By Rick Polo (Editor-in-Chief)
Album: Crazy Eyes
Release Date: 4/8/16
Few survivors of the industrial rock scene have remained as consistent as Filter. Since their debut in 1995, the Richard Patrick-led project have pumped out one great record after another. With the industrial scene eventually fading into the background of metal or goth-techno by the late-90s, and genre pioneers like Skinny Puppy and Nine Inch Nails taking long hiatuses, there was little representation of the golden age of industrial rock; save for Filter. Despite waxing and waning mainstream attention, the band have retained a core audience that spans the likes of alternative, industrial and heavy metal listeners.
At the core of Filter is Patrick, the one-time Nine Inch Nails guitarist who exited the band on the eve of their most commercially-successful era. He formed Filter, looking for a less synth-driven and more guitar-driven sound. Their iconic 1995 debut, Short Bus, dropped at the height of the industrial-alternative crossover, when the sound was at it’s peak popularity. The follow-up, 1999’s Title of Record, was a massive success propelled by the crossover hit, “Take A Picture.” But for much of the 00’s, addiction issues and an evolving alternative scene kept Filter out of the limelight, despite releasing the underrated gems The Amalgamut and Anthems For the Damned. In 2011, Filter came back hard with the slamming The Trouble With Angels record, boasting a return to the sound that brought Filter to fruition. 2013’s The Sun Comes Out Tonight further featured the rage and socio-political disdain that was synonymous with industrial rock. Few artists have captured the heaviness of the original industrial scene as well as alternative rock sensibilities quite like Filter.
With their latest release, Crazy Eyes, Filter dive head first into a classic industrial rock sound with pulsating synths, distorted bass lines, mechanized drums and grinding guitars, matched with a primal rage against a failing system. Tracks titles like “Pride Flag,” “The City of Blinding Riots” and “Your Bullets” quickly indicate the social commentary that’s to come, while “Nothing In My Hands” and “Welcome To the Suck (Destiny Not Luck)” tease up the anger and disdain.
Crazy Eyes opens with the classic industrial slammer, “Mother E,” a synth-heavy stomper that finds Patrick screaming the refrain; “I got my reasons and my reasons are sound,” as a wall of swelling synths build to a head-banging groove. “Nothing In My Hands” looks at the Ferguson and Michael Brown case, while capturing all of the socio-political angst the industrial scene had/has to offer. From there, the more accessible, and dare I say, poppy, “Pride Flag,” keeps in tune with the album’s feel, looking through the glass at a society spiraling into chaos.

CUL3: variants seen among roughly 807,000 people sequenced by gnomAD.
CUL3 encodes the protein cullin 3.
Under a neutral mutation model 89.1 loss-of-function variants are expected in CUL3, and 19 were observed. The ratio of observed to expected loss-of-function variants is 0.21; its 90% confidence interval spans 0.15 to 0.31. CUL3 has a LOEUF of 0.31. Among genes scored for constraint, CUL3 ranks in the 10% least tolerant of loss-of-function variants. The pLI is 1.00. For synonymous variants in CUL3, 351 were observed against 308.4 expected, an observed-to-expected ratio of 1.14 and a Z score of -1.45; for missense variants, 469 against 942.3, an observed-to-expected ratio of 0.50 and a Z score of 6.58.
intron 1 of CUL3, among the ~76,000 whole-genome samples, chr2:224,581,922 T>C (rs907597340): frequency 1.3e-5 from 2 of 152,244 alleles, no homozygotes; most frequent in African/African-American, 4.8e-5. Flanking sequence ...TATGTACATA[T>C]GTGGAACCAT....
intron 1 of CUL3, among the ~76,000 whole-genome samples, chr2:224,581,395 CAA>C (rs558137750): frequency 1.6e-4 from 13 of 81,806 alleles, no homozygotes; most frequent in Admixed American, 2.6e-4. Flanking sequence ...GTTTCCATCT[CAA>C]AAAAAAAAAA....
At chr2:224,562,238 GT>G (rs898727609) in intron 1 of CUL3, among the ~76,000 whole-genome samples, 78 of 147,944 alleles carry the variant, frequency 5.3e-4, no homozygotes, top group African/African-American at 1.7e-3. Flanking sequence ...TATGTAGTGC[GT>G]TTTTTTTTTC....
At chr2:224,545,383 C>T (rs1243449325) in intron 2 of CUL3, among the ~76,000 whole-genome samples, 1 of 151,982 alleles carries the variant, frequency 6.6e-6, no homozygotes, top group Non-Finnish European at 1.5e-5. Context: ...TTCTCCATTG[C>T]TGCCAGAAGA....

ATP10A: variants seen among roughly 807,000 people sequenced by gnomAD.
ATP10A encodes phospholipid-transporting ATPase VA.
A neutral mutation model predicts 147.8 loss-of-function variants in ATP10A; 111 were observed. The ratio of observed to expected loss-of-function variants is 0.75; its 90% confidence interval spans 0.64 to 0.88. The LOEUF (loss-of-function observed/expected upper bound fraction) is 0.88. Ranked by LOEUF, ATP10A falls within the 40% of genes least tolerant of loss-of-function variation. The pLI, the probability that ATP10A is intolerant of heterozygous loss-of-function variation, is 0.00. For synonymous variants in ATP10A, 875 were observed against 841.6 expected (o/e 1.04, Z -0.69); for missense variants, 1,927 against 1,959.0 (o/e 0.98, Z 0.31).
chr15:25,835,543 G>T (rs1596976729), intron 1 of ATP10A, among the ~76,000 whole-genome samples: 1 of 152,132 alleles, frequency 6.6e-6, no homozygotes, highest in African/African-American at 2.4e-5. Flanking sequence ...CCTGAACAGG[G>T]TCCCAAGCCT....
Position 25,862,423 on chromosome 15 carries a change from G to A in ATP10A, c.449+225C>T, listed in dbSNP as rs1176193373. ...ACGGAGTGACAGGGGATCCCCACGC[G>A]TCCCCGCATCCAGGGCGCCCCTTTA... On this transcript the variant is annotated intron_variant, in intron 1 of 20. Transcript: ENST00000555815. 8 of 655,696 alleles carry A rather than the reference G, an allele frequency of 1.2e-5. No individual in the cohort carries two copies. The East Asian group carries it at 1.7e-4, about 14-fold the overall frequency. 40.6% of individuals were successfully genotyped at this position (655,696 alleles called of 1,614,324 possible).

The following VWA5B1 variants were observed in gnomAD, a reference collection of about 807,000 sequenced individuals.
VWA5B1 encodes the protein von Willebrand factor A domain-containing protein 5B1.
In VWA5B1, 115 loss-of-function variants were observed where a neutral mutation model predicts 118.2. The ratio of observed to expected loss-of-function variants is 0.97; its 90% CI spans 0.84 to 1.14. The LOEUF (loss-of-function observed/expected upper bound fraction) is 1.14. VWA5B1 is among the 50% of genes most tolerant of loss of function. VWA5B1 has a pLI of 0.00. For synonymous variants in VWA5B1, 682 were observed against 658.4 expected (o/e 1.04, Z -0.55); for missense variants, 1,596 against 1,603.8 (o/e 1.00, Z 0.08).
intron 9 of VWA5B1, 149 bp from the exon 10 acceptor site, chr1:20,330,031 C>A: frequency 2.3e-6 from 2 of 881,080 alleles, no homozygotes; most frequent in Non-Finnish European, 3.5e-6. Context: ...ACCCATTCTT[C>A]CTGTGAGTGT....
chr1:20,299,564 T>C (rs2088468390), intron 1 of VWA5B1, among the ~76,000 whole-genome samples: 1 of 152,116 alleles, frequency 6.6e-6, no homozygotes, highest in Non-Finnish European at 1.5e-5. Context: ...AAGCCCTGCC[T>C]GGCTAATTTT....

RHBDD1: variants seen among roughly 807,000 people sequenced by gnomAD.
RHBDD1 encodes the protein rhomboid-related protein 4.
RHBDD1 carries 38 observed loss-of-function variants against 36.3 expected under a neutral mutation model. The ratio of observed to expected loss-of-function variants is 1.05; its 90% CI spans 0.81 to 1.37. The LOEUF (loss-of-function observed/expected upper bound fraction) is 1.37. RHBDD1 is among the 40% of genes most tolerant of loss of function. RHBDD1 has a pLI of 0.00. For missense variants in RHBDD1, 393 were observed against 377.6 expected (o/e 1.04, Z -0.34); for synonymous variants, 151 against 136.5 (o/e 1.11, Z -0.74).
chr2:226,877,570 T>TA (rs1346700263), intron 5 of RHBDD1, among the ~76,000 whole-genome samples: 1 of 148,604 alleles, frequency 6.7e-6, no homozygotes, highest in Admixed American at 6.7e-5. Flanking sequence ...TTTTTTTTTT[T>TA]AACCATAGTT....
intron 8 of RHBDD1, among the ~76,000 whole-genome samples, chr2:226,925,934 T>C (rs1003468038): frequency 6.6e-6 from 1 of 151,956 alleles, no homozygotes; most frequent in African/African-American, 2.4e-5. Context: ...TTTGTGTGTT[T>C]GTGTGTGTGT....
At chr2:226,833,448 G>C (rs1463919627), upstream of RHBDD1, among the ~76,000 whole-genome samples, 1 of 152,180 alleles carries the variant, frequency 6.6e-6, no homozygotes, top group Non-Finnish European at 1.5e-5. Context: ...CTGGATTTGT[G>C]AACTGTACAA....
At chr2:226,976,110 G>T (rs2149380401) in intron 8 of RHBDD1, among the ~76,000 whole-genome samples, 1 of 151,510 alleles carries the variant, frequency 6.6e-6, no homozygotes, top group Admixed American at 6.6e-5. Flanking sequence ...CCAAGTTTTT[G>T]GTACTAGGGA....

Tracks such as “The City of Blinding Riots” and “Welcome To the Suck (Destiny Not Luck)” feature a more atmospheric, KMFDM/Combichrist-esque stomp, while “Take Me To Heaven” and “Head of Fire” boast a more groove-heavy bass-driven feel, with sneering hooks in the vein of NIN. “Tremors” is also write with Ministry-style mechanical percussion, circa Land of Rape and Honey.
Most of Side B on Crazy Eyes leans a little more in the rock direction, with tracks like “Kid Blue From the Short Bus, Drunk Bunk” and “Your Bullets” featuring the more classic Filter sound of heavy alt-metal, most prevalent on Title of Record. The album concludes with “Under the Tongue,” a slow-building heavy groove tracks that spirals into a wall of distortion, before descending into the acoustic comedown of “(Can’t She See) Head of Fire, Pt. 2.”
All in all, Crazy Eyes may be Filter’s strongest album since Title of Record. While the last few records clearly showcase Patrick showing his teeth and muscles, it’s few and far between they feature his ability to write really interesting songs. Crazy Eyes ebbs and flows, and although it’s consistently heavy and brooding, both sonically and lyrically, it ties together many small concepts into a central theme. Standout tracks are difficult to pinpoint, but would certainly include “Mother E,” “Welcome To the Suck (Destiny Not Luck)” “Your Bullets” and “Pride Flag.” For fans of the golden age of industrial rock, this will surely spark an interest in a scene long stagnant.